Mansour appointed Mohamed ElBaradei, National Salvation Front general coordinator, as vice president, MENA news reported, quoting presidential spokesman Ahmed al-Moslimani.
Beblawi, an economist, served as finance minister in 2011, following the overthrow of former President Hosni Mubarak.
Egypt braced for further violence Tuesday as the Muslim Brotherhood called for an uprising after the killing of 53 backers of deposed President Mohamed Morsi.
The Brotherhood called the killings a massacre, saying soldiers opened fire with live ammunition. The Islamist religious, political and social movement emailed links to YouTube videos it alleged showed civilian victims being carried away from the scene of the mass shooting.
Egypt's official media said 435 people were injured in a clash between the military and supporters of Morsi during dawn prayers in Cairo near where Morsi has been held under house arrest since he was ousted last week.
Egypt's military denied the massacre allegations, saying soldiers defended themselves after they were attacked with guns and Molotov cocktails.
"There are limits for patience," armed forces spokesman Ahmed Ali said. "We hope that our message would reach many of the Egyptian people -- we won't allow any tampering with Egyptian national security."
The military said 42 protesters and a soldier were killed.
Mansour announced a judicial investigation into the killings, but angry crowds massing through the night at a mosque, a focal point for pro-Morsi protests, said the investigation would be meaningless.
He called on Egypt's military to "use maximum restraint responding to protesters, just as we urge all those demonstrating to do so peacefully."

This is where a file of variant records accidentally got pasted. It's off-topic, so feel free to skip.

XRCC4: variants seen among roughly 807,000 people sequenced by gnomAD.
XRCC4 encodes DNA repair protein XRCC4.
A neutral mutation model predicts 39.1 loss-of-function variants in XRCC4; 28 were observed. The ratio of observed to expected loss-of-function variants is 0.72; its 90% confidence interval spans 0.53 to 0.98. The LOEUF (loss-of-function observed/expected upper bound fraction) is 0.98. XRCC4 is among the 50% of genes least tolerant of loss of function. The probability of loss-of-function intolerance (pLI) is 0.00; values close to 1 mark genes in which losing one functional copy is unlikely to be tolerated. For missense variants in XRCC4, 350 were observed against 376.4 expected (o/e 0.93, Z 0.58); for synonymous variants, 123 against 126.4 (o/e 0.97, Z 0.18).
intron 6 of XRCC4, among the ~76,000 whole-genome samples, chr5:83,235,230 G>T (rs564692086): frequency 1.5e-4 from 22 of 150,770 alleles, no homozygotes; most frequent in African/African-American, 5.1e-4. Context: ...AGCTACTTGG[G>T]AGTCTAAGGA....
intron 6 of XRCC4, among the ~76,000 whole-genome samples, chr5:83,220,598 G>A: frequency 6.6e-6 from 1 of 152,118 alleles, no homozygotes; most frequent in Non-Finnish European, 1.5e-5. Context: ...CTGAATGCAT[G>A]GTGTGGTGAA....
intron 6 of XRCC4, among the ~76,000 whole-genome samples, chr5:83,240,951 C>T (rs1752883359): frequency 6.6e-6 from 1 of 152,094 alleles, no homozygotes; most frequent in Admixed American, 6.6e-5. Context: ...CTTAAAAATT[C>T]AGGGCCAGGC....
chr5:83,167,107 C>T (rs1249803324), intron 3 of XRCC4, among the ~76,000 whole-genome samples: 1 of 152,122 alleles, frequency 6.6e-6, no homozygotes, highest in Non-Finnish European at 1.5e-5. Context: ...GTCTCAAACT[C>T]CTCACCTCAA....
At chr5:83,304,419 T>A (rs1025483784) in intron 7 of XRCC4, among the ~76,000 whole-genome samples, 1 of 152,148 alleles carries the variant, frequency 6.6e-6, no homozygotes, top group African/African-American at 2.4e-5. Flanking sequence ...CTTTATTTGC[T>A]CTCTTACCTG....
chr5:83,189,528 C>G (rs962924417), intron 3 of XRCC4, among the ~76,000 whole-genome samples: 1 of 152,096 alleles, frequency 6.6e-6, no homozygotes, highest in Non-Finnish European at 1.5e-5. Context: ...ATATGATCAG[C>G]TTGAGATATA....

"We also condemn the explicit calls to violence made by the Muslim Brotherhood," Carney said.
Despite Monday's violence, Egypt's military-backed government pressed ahead.
Al-Masry al-Youm reported Tuesday Mansour will not amend the Constitutional Declaration issued Monday, outlining a timeline for Egypt's political transition. The declaration envisions a new Parliament within about six months and a presidential election soon afterward.
The declaration calls for two committees to work out amendments to the Islamist-drafted constitution passed under Morsi, Mansour said late Monday.
A referendum on the new document would be held within four months, he said. Elections for a new Parliament would be held two months after that, in February 2014.
Once the new Parliament convenes, it would set new presidential elections within a week.
The declaration issued Monday also authorizes the president, with consent of the cabinet, to declare a state of emergency for as long as three months. Such a declaration could be renewed by a public referendum.
The spokesman for the ultraconservative Nour Party, which represents Salafi Islamist politicians, said on his Facebook page the party was pulling out of negotiations for a new government to protest the killings.
"We will not be silent on the massacre at the Republican Guard today," Nadar al-Bakkar wrote. "We wanted to stop the bloodshed, but now the blood is being shed in rivers. We withdraw from all talks with the new government."